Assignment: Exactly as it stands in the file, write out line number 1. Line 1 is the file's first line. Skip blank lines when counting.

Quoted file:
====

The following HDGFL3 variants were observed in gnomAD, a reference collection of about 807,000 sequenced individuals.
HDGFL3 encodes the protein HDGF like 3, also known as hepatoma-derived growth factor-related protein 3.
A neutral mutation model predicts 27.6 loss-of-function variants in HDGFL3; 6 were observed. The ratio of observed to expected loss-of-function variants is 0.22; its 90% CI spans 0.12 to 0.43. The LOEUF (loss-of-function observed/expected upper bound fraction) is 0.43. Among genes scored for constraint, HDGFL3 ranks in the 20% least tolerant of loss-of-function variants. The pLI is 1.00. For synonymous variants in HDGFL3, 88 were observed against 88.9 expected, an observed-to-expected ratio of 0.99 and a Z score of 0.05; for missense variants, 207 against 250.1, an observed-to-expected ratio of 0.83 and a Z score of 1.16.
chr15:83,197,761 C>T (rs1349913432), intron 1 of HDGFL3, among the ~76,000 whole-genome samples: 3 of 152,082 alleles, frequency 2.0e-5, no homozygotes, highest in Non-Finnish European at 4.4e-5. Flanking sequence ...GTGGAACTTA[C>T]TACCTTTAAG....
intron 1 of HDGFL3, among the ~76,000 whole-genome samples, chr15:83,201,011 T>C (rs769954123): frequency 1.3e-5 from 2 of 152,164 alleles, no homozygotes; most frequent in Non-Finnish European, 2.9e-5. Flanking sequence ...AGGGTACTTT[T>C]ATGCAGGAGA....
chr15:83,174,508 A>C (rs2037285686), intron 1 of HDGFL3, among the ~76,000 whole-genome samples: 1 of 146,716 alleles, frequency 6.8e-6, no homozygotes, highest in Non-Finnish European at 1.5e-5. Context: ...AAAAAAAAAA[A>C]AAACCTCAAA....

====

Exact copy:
The following HDGFL3 variants were observed in gnomAD, a reference collection of about 807,000 sequenced individuals.